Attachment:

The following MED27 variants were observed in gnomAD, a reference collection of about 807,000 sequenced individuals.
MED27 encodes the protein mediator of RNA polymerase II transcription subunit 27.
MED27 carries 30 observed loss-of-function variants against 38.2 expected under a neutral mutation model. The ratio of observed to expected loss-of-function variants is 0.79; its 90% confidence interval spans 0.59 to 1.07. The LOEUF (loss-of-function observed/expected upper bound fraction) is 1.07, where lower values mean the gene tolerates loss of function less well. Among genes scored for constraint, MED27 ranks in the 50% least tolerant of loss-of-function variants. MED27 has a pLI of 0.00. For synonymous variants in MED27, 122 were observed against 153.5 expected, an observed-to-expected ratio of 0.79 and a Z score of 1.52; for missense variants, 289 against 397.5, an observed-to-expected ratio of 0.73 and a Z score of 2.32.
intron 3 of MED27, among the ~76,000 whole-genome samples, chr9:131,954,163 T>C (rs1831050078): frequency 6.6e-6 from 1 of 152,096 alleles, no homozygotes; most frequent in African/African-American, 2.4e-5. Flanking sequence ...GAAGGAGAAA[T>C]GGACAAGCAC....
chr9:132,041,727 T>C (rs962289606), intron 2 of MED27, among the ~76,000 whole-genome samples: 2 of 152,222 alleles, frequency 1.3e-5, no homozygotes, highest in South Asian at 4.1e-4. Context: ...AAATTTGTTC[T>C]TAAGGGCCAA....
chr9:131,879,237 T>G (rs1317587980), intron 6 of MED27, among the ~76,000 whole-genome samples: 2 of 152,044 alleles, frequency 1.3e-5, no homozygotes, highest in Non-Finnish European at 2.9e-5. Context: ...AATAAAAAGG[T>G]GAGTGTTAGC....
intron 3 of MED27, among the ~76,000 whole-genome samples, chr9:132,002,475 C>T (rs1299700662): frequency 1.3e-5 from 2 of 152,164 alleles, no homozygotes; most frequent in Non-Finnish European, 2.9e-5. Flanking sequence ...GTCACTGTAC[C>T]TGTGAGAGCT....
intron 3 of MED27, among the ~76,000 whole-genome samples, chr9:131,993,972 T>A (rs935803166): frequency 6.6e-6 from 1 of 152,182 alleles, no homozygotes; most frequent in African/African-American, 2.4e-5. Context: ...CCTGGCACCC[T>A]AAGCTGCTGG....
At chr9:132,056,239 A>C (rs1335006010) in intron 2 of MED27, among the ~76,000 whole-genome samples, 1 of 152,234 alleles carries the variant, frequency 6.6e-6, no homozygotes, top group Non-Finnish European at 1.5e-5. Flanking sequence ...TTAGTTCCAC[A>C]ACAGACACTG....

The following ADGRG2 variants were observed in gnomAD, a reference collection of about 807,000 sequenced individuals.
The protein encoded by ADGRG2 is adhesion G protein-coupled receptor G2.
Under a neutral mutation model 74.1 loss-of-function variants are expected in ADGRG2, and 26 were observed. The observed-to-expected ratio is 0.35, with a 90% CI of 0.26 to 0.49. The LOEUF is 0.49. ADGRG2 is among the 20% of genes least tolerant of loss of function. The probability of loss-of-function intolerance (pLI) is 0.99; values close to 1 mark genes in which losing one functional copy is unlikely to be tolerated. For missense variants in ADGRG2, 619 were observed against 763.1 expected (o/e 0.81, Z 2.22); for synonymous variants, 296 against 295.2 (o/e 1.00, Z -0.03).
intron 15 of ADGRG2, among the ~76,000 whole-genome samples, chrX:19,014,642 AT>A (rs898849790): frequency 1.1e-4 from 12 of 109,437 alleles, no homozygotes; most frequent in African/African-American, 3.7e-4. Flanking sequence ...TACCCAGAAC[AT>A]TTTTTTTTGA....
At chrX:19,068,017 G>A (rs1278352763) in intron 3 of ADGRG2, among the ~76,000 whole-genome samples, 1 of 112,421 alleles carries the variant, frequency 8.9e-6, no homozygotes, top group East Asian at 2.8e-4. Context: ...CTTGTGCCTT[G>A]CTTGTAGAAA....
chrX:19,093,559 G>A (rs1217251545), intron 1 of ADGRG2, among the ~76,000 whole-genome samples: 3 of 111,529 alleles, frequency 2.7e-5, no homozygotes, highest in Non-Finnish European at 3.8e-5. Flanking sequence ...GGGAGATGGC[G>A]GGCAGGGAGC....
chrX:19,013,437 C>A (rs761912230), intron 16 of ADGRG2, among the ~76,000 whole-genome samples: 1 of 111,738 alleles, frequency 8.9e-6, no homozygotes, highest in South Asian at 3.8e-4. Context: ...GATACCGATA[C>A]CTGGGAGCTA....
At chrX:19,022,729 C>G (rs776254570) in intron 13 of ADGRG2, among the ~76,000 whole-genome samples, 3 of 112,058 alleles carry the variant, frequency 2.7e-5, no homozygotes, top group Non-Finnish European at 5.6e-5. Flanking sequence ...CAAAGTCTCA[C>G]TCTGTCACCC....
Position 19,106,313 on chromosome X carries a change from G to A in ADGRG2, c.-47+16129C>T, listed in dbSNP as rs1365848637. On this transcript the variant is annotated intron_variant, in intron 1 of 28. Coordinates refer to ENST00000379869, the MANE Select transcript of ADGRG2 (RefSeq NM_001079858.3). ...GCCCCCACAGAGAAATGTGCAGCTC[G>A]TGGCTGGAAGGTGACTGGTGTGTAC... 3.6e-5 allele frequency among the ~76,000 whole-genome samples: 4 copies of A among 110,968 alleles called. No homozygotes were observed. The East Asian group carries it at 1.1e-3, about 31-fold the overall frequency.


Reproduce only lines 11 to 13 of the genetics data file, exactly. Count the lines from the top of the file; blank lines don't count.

The protein encoded by ADGRG2 is adhesion G protein-coupled receptor G2.
Under a neutral mutation model 74.1 loss-of-function variants are expected in ADGRG2, and 26 were observed. The observed-to-expected ratio is 0.35, with a 90% CI of 0.26 to 0.49. The LOEUF is 0.49. ADGRG2 is among the 20% of genes least tolerant of loss of function. The probability of loss-of-function intolerance (pLI) is 0.99; values close to 1 mark genes in which losing one functional copy is unlikely to be tolerated. For missense variants in ADGRG2, 619 were observed against 763.1 expected (o/e 0.81, Z 2.22); for synonymous variants, 296 against 295.2 (o/e 1.00, Z -0.03).
intron 15 of ADGRG2, among the ~76,000 whole-genome samples, chrX:19,014,642 AT>A (rs898849790): frequency 1.1e-4 from 12 of 109,437 alleles, no homozygotes; most frequent in African/African-American, 3.7e-4. Flanking sequence ...TACCCAGAAC[AT>A]TTTTTTTTGA....